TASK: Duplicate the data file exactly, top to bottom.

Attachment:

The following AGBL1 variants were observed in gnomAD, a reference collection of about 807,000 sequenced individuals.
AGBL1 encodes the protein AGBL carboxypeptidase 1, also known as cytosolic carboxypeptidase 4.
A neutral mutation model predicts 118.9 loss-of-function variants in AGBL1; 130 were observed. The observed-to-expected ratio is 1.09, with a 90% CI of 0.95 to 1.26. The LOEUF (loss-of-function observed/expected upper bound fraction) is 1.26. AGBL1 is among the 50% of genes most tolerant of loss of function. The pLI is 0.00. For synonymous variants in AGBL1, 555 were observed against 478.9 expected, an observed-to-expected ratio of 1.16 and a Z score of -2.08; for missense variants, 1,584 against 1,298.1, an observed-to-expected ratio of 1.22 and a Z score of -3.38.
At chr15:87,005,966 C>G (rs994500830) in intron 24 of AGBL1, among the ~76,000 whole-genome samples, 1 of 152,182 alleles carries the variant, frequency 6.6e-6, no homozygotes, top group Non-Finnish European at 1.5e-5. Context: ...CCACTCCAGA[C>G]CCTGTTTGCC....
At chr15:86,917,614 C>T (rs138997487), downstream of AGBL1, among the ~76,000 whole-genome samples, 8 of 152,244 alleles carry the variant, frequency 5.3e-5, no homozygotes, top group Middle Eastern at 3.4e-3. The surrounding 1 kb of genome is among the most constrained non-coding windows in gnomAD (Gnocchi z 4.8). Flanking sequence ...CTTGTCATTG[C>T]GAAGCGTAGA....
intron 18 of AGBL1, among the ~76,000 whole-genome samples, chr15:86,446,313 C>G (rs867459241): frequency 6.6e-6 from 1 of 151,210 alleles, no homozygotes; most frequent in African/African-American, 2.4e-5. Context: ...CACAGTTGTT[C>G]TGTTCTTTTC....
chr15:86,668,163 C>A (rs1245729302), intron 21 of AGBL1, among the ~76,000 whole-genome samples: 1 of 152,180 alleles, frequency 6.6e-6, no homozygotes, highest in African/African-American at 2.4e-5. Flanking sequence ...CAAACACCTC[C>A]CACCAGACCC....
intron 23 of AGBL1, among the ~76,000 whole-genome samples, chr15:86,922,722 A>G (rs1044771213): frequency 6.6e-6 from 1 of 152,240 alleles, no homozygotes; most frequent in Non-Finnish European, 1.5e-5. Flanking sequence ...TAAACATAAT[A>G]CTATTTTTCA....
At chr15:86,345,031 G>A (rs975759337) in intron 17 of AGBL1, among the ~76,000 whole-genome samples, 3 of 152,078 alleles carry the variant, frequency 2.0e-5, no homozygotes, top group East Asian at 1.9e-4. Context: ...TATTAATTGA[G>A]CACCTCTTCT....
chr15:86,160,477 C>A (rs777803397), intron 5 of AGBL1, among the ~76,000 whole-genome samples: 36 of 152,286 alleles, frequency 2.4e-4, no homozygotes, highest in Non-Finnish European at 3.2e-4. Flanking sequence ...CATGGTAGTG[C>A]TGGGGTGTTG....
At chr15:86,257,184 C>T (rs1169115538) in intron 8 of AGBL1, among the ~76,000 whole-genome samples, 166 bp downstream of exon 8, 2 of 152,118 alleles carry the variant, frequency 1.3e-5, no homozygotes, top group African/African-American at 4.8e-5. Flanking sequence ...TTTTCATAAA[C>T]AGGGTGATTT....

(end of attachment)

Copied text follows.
The following AGBL1 variants were observed in gnomAD, a reference collection of about 807,000 sequenced individuals.
AGBL1 encodes the protein AGBL carboxypeptidase 1, also known as cytosolic carboxypeptidase 4.
A neutral mutation model predicts 118.9 loss-of-function variants in AGBL1; 130 were observed. The observed-to-expected ratio is 1.09, with a 90% CI of 0.95 to 1.26. The LOEUF (loss-of-function observed/expected upper bound fraction) is 1.26. AGBL1 is among the 50% of genes most tolerant of loss of function. The pLI is 0.00. For synonymous variants in AGBL1, 555 were observed against 478.9 expected, an observed-to-expected ratio of 1.16 and a Z score of -2.08; for missense variants, 1,584 against 1,298.1, an observed-to-expected ratio of 1.22 and a Z score of -3.38.
At chr15:87,005,966 C>G (rs994500830) in intron 24 of AGBL1, among the ~76,000 whole-genome samples, 1 of 152,182 alleles carries the variant, frequency 6.6e-6, no homozygotes, top group Non-Finnish European at 1.5e-5. Context: ...CCACTCCAGA[C>G]CCTGTTTGCC....
At chr15:86,917,614 C>T (rs138997487), downstream of AGBL1, among the ~76,000 whole-genome samples, 8 of 152,244 alleles carry the variant, frequency 5.3e-5, no homozygotes, top group Middle Eastern at 3.4e-3. The surrounding 1 kb of genome is among the most constrained non-coding windows in gnomAD (Gnocchi z 4.8). Flanking sequence ...CTTGTCATTG[C>T]GAAGCGTAGA....
intron 18 of AGBL1, among the ~76,000 whole-genome samples, chr15:86,446,313 C>G (rs867459241): frequency 6.6e-6 from 1 of 151,210 alleles, no homozygotes; most frequent in African/African-American, 2.4e-5. Context: ...CACAGTTGTT[C>G]TGTTCTTTTC....
chr15:86,668,163 C>A (rs1245729302), intron 21 of AGBL1, among the ~76,000 whole-genome samples: 1 of 152,180 alleles, frequency 6.6e-6, no homozygotes, highest in African/African-American at 2.4e-5. Flanking sequence ...CAAACACCTC[C>A]CACCAGACCC....
intron 23 of AGBL1, among the ~76,000 whole-genome samples, chr15:86,922,722 A>G (rs1044771213): frequency 6.6e-6 from 1 of 152,240 alleles, no homozygotes; most frequent in Non-Finnish European, 1.5e-5. Flanking sequence ...TAAACATAAT[A>G]CTATTTTTCA....
At chr15:86,345,031 G>A (rs975759337) in intron 17 of AGBL1, among the ~76,000 whole-genome samples, 3 of 152,078 alleles carry the variant, frequency 2.0e-5, no homozygotes, top group East Asian at 1.9e-4. Context: ...TATTAATTGA[G>A]CACCTCTTCT....
chr15:86,160,477 C>A (rs777803397), intron 5 of AGBL1, among the ~76,000 whole-genome samples: 36 of 152,286 alleles, frequency 2.4e-4, no homozygotes, highest in Non-Finnish European at 3.2e-4. Flanking sequence ...CATGGTAGTG[C>A]TGGGGTGTTG....
At chr15:86,257,184 C>T (rs1169115538) in intron 8 of AGBL1, among the ~76,000 whole-genome samples, 166 bp downstream of exon 8, 2 of 152,118 alleles carry the variant, frequency 1.3e-5, no homozygotes, top group African/African-American at 4.8e-5. Flanking sequence ...TTTTCATAAA[C>T]AGGGTGATTT....